‘Alan is the real thing, a genuine East-Ender who knows his material intimately and an extraordinary performer and writer.’ – Rachel Lichtenstein, author of ‘Estuary,’ ‘Diamond Street’ and ‘Rodinsky’s Room’ with Iain Sinclair.

East End Stories at Brick Lane Bookshop: Volume II

Join us for lively evenings of miniature talks on lesser-known aspects of local history told by an eclectic selection of authors, social historians, and East London people.
28/03/2024, 7pm

Baking History
Esther Rinkoff tells the story of a legendary family business that’s been making beigels in the East End for five generations.

The Smallest Show on Earth
BBC Radio’s Alan Dein buys a ticket for the shabbiest cinema in Stepney, owned by his grandparents!

Walk Tall
Film maker Kate Sullivan introduces the award-winning short film that’s a lesser-known legacy of the 2012 Olympics in East London.

Plus ‘This Month In Tower Hamlets’ and a prize quiz.

Arunava Sinha in Conversation with Tahmima Anam:
The Penguin Book of Bengali Short Stories

Join authors Arunava Sinha and Tahmima Anam as they discuss ‘The Penguin Book of Bengali Short Stories’, published on March 24th.
12/03/2024, 7pm, £5 per ticket

A first in English, this anthology gathers together a century’s worth of extraordinary stories. From a woman who eats fish in secret to the woes of an ageing local footballer, from the anxieties of a middle-class union rep to a lawyer who stumbles upon a philosopher’s stone, this is a collection that celebrates making art of life, in all its difficulty and joy.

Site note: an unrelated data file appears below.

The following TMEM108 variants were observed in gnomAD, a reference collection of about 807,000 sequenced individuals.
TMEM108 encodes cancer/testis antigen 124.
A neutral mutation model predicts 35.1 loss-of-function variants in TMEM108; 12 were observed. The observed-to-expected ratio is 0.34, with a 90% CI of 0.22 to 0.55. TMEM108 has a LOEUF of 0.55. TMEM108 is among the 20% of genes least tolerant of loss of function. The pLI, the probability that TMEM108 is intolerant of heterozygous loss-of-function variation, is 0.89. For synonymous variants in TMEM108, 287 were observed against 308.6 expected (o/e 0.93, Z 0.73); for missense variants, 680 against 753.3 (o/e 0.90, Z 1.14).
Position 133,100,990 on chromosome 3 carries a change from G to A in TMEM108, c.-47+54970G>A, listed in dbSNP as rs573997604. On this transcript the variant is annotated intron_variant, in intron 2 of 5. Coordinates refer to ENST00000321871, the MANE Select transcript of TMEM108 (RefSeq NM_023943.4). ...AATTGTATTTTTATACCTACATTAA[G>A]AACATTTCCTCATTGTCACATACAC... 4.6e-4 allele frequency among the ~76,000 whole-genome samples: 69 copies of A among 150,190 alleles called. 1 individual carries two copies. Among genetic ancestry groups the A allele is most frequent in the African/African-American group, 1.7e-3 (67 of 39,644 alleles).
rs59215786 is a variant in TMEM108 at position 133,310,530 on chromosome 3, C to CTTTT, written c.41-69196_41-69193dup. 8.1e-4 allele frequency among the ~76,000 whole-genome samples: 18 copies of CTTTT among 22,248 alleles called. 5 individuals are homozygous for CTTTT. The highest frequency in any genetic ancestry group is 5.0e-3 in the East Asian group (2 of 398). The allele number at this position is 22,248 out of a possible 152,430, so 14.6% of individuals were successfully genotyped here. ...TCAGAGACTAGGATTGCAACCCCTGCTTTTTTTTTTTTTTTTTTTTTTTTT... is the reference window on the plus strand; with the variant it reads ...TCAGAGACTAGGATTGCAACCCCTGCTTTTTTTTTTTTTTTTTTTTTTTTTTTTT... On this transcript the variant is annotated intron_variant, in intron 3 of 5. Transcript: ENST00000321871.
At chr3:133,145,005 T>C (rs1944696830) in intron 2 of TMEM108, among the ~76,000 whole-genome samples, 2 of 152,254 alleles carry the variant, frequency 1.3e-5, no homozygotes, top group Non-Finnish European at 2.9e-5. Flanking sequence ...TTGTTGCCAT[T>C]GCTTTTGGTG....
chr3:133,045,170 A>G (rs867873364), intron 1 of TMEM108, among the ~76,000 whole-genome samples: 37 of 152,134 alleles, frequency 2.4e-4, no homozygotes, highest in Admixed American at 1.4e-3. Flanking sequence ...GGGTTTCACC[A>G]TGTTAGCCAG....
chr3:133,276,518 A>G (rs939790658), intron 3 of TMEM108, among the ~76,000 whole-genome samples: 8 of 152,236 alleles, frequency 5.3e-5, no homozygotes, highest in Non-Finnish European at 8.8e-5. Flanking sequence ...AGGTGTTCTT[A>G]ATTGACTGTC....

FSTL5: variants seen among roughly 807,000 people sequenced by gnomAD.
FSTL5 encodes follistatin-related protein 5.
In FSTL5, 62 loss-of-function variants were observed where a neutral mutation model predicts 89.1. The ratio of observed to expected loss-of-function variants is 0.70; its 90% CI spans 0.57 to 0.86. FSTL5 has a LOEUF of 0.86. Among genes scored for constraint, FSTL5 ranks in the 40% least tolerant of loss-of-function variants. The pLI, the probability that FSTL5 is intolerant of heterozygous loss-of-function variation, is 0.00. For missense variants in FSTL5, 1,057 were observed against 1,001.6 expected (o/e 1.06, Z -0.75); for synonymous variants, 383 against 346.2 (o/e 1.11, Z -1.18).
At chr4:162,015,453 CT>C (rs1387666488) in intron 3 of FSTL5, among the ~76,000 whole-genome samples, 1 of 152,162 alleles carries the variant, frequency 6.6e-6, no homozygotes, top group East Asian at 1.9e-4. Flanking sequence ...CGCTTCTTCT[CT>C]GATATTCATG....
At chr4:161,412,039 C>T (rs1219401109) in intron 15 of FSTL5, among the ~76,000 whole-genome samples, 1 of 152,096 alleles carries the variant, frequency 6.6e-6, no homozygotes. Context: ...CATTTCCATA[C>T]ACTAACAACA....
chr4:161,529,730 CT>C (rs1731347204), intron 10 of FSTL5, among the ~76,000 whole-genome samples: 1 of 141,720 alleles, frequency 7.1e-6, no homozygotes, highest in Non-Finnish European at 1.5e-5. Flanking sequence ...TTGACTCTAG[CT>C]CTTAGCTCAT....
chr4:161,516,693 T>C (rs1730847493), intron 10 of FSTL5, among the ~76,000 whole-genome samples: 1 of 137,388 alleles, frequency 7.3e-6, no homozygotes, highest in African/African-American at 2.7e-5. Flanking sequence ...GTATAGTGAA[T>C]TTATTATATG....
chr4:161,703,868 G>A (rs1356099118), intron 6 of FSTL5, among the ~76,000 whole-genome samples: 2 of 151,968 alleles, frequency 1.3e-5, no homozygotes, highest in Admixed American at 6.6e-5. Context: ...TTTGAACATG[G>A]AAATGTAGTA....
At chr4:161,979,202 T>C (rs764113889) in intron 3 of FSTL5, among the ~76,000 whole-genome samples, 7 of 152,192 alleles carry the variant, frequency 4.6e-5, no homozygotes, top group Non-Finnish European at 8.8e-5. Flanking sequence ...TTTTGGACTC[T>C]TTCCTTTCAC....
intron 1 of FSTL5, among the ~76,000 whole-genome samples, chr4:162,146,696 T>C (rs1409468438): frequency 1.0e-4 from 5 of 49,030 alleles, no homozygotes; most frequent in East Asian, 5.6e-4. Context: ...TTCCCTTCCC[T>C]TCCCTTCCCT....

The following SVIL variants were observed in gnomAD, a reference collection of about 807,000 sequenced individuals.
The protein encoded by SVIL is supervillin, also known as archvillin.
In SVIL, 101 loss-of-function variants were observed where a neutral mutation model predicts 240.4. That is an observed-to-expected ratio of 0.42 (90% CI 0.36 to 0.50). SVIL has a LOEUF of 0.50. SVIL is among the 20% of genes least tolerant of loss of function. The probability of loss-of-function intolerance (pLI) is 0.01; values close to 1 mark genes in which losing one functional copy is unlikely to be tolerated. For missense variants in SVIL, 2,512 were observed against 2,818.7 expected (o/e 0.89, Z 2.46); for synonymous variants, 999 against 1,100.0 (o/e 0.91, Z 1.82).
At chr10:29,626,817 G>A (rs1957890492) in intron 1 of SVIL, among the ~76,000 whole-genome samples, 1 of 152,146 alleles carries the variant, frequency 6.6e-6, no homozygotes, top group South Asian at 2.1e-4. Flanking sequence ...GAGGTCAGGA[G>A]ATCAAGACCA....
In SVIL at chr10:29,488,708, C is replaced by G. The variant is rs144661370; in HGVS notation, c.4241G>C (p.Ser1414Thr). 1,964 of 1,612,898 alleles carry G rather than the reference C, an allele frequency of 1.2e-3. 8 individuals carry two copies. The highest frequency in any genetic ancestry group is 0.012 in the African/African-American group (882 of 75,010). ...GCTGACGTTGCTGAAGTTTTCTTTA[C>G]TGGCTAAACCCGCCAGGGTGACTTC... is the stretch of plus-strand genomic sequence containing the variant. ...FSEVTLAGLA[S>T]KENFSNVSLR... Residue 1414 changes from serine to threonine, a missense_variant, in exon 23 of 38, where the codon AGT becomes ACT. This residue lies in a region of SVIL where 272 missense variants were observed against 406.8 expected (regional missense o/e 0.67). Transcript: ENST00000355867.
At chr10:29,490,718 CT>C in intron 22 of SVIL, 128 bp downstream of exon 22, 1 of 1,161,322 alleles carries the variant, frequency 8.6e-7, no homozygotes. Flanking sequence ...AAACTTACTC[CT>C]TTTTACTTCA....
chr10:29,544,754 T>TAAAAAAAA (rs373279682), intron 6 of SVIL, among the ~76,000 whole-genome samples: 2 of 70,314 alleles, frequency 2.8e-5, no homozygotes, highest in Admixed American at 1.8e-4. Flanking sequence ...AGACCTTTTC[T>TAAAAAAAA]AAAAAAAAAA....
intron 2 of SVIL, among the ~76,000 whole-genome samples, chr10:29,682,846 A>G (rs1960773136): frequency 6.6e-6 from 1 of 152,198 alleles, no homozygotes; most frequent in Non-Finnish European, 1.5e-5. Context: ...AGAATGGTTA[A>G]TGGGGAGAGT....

Arunava Sinha translates classic, modern and contemporary Bengali fiction and non-fiction from Bangladesh and India into English. He also translates fiction from English into Bengali. Over eighty of his translations have been published so far in India, the UK and the USA. He teaches creative writing at Ashoka University, where he is also the co-director of the Ashoka Centre for Translation.

Tahmima Anam is a Bangladeshi-born British writer, novelist and columnist. Her first novel, A Golden Age, was the Best First Book winner of the 2008 Commonwealth Writers’ Prizes. Her follow-up novel, The Good Muslim, was nominated for the 2011 Man Asian Literary Prize. Her latest novel, The Startup Wife, was published by Canongate in 2021.

East End Stories at Brick Lane Bookshop: Volume I

Join us for lively evenings of miniature talks on lesser-known aspects of local history told by an eclectic selection of authors, social historians, and East London people.
29/02/2024, 7pm

Volume 1

Thursday February 29th, 7pm / Brick Lane Bookshop / £10

Streets Coloured Black and Blue
Award-winning author and historian Sarah Wise (The Blackest Streets, The Italian Boy) reveals how Charles Booth’s colour coded poverty maps of the Victorian East End paint a complex picture of life in ‘Outcast London’.

Decoding Tommy Flowers
Keith Jones decodes TOMMY FLOWERS, the enigmatic Poplar hero who made breaking the Enigma Code possible.

And your host, Alan Gilbey, presents ‘This Month in East End History’ with Stalin, sparrows, and Spring Heeled Jack, plus a prize quiz!